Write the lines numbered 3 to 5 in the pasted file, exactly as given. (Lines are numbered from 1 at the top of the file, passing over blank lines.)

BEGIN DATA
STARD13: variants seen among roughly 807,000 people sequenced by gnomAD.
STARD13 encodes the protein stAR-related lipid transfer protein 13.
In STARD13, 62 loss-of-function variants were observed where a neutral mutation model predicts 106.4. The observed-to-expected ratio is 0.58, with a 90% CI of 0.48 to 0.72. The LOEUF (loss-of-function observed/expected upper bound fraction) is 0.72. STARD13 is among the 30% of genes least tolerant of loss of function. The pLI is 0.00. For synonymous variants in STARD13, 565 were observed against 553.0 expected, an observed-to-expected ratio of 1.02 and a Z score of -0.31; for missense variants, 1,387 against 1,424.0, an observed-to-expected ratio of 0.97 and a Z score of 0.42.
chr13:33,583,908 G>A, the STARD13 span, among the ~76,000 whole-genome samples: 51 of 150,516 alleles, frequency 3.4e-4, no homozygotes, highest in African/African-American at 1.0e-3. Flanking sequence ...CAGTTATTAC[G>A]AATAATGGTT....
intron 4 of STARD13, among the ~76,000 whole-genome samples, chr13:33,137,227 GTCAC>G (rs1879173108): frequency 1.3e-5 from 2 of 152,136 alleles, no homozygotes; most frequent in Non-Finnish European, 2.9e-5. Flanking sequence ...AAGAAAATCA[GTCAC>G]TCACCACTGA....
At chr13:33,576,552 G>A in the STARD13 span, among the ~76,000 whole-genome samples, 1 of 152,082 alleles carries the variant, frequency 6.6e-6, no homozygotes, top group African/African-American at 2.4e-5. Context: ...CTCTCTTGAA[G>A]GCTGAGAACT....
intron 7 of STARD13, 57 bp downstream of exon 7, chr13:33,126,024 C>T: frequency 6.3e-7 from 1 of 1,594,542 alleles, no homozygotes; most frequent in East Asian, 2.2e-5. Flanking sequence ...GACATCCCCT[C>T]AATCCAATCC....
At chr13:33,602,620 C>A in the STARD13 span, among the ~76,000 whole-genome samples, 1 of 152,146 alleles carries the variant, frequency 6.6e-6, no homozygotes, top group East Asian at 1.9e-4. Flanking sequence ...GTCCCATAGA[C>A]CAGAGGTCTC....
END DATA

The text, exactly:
In STARD13, 62 loss-of-function variants were observed where a neutral mutation model predicts 106.4. The observed-to-expected ratio is 0.58, with a 90% CI of 0.48 to 0.72. The LOEUF (loss-of-function observed/expected upper bound fraction) is 0.72. STARD13 is among the 30% of genes least tolerant of loss of function. The pLI is 0.00. For synonymous variants in STARD13, 565 were observed against 553.0 expected, an observed-to-expected ratio of 1.02 and a Z score of -0.31; for missense variants, 1,387 against 1,424.0, an observed-to-expected ratio of 0.97 and a Z score of 0.42.
chr13:33,583,908 G>A, the STARD13 span, among the ~76,000 whole-genome samples: 51 of 150,516 alleles, frequency 3.4e-4, no homozygotes, highest in African/African-American at 1.0e-3. Flanking sequence ...CAGTTATTAC[G>A]AATAATGGTT....
intron 4 of STARD13, among the ~76,000 whole-genome samples, chr13:33,137,227 GTCAC>G (rs1879173108): frequency 1.3e-5 from 2 of 152,136 alleles, no homozygotes; most frequent in Non-Finnish European, 2.9e-5. Flanking sequence ...AAGAAAATCA[GTCAC>G]TCACCACTGA....